With thanks to Red Dog Press and Alison O’Leary
Country Cat Blues is the second book of a series about Aubrey, a former street cat who has taken to solving crime. You can read about Aubrey’s first adventure in Street Cat Blues.
For the second book, Aubrey moves away from the town and into a sleepy rural village called Fallowfield, where he meets a whole new cast of characters, both human and cat. The story neatly runs both cat crime and human crime side by side and the cats are very useful in helping to solve both because they can slip through cat flaps and slide into houses unnoticed in a way that we humans cannot.
I really enjoyed this book. Although it seems a little unusual to have a cat narrating the story, you soon get used to his voice and he can see things that humans might miss. I found it well-written, with some nice comic touches and some great characters, both cat and human. I have not read the first book but found the family easy to get to know with some true-to-life connections between teens and parents. I was less clever than Aubrey as I did not know who the murderer was until near the end of the book, but there were red herrings along the way (much to the delight of the cats).
If you like crime novels and cats and never knew that you could read a book about both, then you will enjoy this book and getting to know Aubrey and his family.
Country Cat Blues is available from 23rd February at Amazon and on Kindle.
An Interview with the Author
I asked author, Alison O’Leary some questions about how she came to write Country Cat Blues and the prequel. She was kind enough to answer them:
- How long did it take you to write your first book?
I think it was about two years. It was written in longhand and, to be honest, it wasn’t very good. I only submitted it to one or two agents before stuffing it to the back of the cupboard. For me, the real achievement was in actually finishing it. I felt that I’d accomplished something and that I’d taken the first steps on my journey as a writer.
- How many unread but written books do you have in a drawer somewhere at home?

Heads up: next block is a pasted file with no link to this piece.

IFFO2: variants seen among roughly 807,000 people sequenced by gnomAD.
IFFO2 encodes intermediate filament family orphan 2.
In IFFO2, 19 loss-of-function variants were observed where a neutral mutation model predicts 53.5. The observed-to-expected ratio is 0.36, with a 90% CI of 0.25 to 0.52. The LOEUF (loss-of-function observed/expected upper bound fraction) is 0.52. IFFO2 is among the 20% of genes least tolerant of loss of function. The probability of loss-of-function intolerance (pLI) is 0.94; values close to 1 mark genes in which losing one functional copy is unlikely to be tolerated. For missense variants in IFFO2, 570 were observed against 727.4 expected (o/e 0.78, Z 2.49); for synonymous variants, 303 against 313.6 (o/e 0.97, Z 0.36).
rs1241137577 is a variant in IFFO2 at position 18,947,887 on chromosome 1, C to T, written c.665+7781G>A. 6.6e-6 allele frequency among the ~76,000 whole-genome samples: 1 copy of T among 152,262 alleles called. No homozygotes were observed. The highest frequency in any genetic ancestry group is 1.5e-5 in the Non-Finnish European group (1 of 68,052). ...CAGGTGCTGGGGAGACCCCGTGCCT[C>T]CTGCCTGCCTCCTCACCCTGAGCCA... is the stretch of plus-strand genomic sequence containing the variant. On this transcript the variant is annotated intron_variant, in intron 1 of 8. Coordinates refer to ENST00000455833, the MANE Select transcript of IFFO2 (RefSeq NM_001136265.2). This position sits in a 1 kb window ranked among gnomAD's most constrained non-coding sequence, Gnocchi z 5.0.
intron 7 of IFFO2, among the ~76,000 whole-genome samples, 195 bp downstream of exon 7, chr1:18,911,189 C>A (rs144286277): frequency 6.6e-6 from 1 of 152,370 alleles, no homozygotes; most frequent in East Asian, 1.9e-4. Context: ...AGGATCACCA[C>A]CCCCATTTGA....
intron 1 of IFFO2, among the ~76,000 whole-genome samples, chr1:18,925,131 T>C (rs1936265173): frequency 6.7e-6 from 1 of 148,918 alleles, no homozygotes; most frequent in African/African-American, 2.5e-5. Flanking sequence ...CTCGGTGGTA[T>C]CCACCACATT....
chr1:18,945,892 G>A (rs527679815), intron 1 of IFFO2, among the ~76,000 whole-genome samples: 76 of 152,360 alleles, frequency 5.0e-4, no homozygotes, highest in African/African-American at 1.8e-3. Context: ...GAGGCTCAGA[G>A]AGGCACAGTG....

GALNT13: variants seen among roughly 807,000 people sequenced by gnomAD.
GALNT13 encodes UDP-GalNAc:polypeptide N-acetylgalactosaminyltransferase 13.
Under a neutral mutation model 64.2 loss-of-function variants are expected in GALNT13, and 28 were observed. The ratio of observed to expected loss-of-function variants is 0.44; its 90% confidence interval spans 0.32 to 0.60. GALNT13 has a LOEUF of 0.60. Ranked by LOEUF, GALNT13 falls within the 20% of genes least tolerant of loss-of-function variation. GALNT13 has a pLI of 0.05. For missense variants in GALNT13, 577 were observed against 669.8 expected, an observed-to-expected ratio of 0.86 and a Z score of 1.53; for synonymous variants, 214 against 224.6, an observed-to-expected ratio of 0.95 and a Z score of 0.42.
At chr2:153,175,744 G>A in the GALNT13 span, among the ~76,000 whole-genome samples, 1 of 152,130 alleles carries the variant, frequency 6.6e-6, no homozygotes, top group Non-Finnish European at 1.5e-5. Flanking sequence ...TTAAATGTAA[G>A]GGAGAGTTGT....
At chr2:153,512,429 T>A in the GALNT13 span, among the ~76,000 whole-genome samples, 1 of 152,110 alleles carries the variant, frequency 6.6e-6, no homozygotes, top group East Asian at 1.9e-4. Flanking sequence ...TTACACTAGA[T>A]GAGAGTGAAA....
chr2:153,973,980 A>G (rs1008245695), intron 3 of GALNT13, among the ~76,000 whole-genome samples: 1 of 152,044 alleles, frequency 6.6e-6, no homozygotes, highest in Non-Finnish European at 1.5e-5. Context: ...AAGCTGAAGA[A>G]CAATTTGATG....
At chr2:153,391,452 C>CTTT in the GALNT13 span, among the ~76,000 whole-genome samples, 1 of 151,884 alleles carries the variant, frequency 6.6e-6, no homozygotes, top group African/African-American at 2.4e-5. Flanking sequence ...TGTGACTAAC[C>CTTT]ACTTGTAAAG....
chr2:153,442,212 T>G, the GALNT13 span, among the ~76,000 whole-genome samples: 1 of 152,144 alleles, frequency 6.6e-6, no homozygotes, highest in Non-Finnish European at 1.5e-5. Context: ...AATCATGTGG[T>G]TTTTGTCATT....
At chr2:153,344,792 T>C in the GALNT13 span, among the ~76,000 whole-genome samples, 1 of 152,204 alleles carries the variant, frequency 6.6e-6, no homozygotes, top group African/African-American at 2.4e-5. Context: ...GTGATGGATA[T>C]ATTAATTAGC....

I have three, including the first one, but I’m considering revising one of them. It did attract some attention from agents but didn’t ultimately make it through to publication. I looked at it again the other day and, while it needs some work, I still like the basic idea. It’s a stand-alone psychological thriller which revolves around four women and one secret. Its working title is A Choice Of Enemies. As Oscar Wilde said: ‘A man cannot be too careful in his choice of enemies’ …
- Aubrey is a very knowing cat. Who was the inspiration for him?
The real Aubrey was a rescue cat, just like his namesake. He was named Aubrey because my partner was reading John Aubrey’s Brief Lives at the time. As Aubrey once said to me, it could have been worse – he could have been called Brief!
Aubrey was a large male tabby and he had been at the rescue centre far longer than any of the other cats. I’m not sure why, perhaps it was because he wasn’t cute like the kittens. We took to him immediately and it was a choice that we never regretted. He was the most loving, affectionate animal although it would be true to say that he never missed a food opportunity. When he used to stroll about the garden he often had a very purposeful look. The idea for the book came when my partner turned to me and said, ‘that cat always looks as though he’s got a bit of admin to sort out’. Or, maybe, a crime to solve …
What is your process when beginning to write a book?
Once I have an idea, I usually start by making notes, often on scrappy bits of paper, just odd bits and pieces as they occur to me. Then I make a rough plan, just an outline sketch of who does what and when. Once I start writing, I refer back to the notes and keep adding more. What I usually find though is that the book takes a direction of its own so that what started as a minor character develops into something much more significant. Sometimes things just come out of nowhere. For example, in Country Cat Blues there is a ghost called Maudie. I have no idea where she appeared from. She just sort of turned up and started joining in!
- Which crime author is your must-read immediately-the-book-comes-out favourite and why?
That’s quite difficult to answer – there are so many good crime writers out there! At one time I would have said Ruth Rendell and in fact I do go back and re-read some of hers from time to time. Now it’s quite eclectic. Elizabeth Haynes is very good, as is Erin Kelly. I used to teach law and criminology so I do read quite a lot of true crime as well. The most recent was The Fatal Passion of Alma Rattenbury by Sean O’Connor which concerned a notorious murder trial in the 1930’s.
- Which crime book do you wish you had written and why?
Probably The Murder Of Roger Ackroyd by Agatha Christie. It was first published in 1926 and was a real ground-breaker at the time.
Thank to you to Alison for such great answers. I always enjoy talking to authors and learning more about their process when they write a book and also their inspiration.